Asphalt is a common road paving material used in the construction industry. Asphalt is a sticky substance derived from petroleum after the crude oil has been turned into fuels. It has waterproofing and binding properties that make it an ideal road and aircraft runway material.
When asphalt road needs to be replaced, the old material can be reused for new construction. This requires less new material, is cost-effective and creates a surface that performs as well as new material.
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Asphalt is derived from the remnants of oil and mixed with sand and stone in order to created a strong material for paving. Oil is a finite resource and often difficult and dangerous to extract. Recycling old asphalt reduces the amount of new oil byproduct needed and may reduce dependence on foreign oil. Recycling also saves on construction material waste, as the recycled material is not sent to a landfill. Energy savings are realised through less processing of virgin materials, on-site recycling capabilities and less transportation of new materials to the site.
As asphalt is derived from petroleum, its cost is susceptible to fluctuating prices in the market. Old asphalt is readily available to be pulled up or processed on site. Up to 25 per cent of asphalt material in some states is made up of recycled asphalt, and the Federal Highway Administration has research projects testing mixes of up to 50 per cent. The Colorado Asphalt Pavement Association reports that 90 million tons of asphalt are recycled annually, saving taxpayers £195 million each year. Contractors save by reducing energy, materials and waste-hauling costs. Lower quality asphalt can be used as a substitute for embankment, fill or road base material.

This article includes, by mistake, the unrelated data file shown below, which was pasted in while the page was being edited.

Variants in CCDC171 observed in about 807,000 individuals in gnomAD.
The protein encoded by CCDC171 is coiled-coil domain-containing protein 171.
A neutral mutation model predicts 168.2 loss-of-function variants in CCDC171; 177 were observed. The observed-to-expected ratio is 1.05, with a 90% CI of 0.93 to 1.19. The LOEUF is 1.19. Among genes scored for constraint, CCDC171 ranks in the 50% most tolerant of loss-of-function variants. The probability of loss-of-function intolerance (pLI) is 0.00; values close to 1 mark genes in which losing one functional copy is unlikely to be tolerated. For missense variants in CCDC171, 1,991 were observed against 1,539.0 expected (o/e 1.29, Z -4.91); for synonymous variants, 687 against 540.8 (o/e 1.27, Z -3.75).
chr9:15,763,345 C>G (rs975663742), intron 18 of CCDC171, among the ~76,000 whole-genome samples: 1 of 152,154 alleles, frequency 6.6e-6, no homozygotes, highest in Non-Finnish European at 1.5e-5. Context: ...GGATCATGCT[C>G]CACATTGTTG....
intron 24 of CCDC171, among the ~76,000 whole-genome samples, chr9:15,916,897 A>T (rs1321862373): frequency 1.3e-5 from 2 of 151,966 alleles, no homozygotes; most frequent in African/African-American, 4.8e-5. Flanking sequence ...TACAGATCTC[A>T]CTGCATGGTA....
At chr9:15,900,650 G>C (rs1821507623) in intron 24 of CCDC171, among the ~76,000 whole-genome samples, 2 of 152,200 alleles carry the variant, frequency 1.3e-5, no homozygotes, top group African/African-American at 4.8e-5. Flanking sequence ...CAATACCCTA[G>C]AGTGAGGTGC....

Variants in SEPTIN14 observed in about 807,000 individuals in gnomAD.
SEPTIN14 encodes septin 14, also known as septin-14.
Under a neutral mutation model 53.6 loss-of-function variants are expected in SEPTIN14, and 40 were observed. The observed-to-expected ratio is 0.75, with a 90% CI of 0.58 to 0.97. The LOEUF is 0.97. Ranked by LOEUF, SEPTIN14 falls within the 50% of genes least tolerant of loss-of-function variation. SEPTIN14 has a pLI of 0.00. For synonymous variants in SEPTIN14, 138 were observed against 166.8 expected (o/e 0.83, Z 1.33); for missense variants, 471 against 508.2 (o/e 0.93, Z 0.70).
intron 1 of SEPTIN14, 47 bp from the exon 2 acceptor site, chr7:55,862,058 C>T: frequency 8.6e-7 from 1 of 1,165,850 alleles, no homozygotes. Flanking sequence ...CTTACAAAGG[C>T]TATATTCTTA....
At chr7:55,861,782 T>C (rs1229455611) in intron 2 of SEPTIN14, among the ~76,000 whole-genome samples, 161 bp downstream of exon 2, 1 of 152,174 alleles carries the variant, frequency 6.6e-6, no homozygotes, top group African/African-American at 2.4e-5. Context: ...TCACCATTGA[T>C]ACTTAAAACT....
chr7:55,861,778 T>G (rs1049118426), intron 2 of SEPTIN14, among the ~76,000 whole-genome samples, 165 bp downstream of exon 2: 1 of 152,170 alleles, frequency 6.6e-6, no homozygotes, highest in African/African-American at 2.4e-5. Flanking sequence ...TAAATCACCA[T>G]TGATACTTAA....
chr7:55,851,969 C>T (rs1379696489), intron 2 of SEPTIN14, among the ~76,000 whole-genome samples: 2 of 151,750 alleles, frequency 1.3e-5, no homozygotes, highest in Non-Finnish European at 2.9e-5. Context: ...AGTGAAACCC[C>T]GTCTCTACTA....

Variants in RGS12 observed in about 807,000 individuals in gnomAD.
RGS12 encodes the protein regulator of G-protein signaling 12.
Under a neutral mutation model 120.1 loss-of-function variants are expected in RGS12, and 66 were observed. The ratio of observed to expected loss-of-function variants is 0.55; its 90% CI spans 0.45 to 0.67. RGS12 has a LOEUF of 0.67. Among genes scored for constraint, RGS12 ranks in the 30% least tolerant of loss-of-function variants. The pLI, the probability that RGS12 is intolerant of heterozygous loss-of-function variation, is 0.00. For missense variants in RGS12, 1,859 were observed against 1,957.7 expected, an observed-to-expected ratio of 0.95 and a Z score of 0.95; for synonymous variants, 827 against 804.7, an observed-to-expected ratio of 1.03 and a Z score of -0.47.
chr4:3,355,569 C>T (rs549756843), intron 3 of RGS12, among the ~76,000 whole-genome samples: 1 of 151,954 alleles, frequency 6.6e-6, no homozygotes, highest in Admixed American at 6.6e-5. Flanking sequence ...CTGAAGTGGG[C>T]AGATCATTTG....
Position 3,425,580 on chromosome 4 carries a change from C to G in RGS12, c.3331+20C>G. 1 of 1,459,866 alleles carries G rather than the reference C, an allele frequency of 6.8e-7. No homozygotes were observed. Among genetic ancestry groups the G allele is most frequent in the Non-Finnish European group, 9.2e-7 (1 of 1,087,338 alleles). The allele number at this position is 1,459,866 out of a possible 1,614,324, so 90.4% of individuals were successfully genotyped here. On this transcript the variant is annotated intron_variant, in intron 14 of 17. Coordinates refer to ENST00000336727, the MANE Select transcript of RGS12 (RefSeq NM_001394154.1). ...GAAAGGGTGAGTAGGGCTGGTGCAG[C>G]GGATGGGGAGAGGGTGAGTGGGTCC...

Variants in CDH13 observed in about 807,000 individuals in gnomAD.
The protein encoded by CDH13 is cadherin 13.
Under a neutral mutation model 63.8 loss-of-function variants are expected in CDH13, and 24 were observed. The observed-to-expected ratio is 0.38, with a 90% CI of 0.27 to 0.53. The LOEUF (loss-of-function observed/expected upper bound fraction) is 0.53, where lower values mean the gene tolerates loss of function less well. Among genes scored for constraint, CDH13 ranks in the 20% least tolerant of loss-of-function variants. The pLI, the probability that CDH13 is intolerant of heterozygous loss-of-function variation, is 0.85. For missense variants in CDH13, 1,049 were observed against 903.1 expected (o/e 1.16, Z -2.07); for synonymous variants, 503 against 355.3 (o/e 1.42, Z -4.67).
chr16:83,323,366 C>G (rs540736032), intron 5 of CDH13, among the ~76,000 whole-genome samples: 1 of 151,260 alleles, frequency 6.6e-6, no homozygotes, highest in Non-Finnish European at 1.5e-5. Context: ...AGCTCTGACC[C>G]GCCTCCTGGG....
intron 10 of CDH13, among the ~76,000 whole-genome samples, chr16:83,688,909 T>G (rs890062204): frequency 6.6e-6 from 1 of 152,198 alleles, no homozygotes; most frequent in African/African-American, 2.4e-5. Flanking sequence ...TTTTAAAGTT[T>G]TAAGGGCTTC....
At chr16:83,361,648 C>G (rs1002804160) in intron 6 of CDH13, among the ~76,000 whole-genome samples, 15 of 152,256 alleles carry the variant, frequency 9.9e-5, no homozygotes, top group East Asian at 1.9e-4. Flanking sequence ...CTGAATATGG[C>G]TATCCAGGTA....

Recycled asphalt material can provide engineering benefits for contractors and government agencies involved in road maintenance. Recycled asphalt can be added into both "hot mix" (heated asphalt applications) and "cold mix" (cooler temperature asphalt processing and application). The Colorado Asphalt Pavement Association says that up to 25 per cent recycled asphalt is commonly added to pavement mixes that have the same quality and sometimes superior performance to asphalt made from purely virgin materials. Specialised construction equipment can process asphalt on site, saving time and transportation costs that come with taking asphalt to be recycled elsewhere. Reuse of asphalt for fill, base or embankment can save engineers and contractors time, money and materials, allowing for more efficient road maintenance projects.
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- Federal Highway Administration: Asphalt Pavement Recycling with Reclaimed Asphalt Pavement (RAP)
- American Chemical Society: What's the Stuff
- Colorado Asphalt Pavement Association: The Benefits of Using Recycled Asphalt Pavements
- Turner-Fairbank Highway Research Center: Reclaimed Asphalt Pavement - Material Description